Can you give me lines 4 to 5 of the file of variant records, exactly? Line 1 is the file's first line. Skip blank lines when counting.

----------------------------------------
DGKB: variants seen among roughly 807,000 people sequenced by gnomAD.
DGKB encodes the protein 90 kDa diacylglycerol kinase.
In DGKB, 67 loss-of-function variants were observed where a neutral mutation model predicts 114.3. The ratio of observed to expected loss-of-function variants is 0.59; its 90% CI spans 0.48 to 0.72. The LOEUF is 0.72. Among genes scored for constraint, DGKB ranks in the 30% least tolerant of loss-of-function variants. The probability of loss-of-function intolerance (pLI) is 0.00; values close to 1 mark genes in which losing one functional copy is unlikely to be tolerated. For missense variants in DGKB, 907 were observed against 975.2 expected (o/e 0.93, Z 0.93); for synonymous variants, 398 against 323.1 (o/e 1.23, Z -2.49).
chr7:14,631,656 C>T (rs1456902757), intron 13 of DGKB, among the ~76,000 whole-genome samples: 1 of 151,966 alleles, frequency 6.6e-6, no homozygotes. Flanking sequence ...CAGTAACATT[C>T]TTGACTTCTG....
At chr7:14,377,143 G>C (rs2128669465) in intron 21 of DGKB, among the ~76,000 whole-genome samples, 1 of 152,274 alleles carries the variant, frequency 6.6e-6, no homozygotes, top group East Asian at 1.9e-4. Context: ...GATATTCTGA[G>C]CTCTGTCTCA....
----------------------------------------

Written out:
chr7:14,631,656 C>T (rs1456902757), intron 13 of DGKB, among the ~76,000 whole-genome samples: 1 of 151,966 alleles, frequency 6.6e-6, no homozygotes. Flanking sequence ...CAGTAACATT[C>T]TTGACTTCTG....
At chr7:14,377,143 G>C (rs2128669465) in intron 21 of DGKB, among the ~76,000 whole-genome samples, 1 of 152,274 alleles carries the variant, frequency 6.6e-6, no homozygotes, top group East Asian at 1.9e-4. Context: ...GATATTCTGA[G>C]CTCTGTCTCA....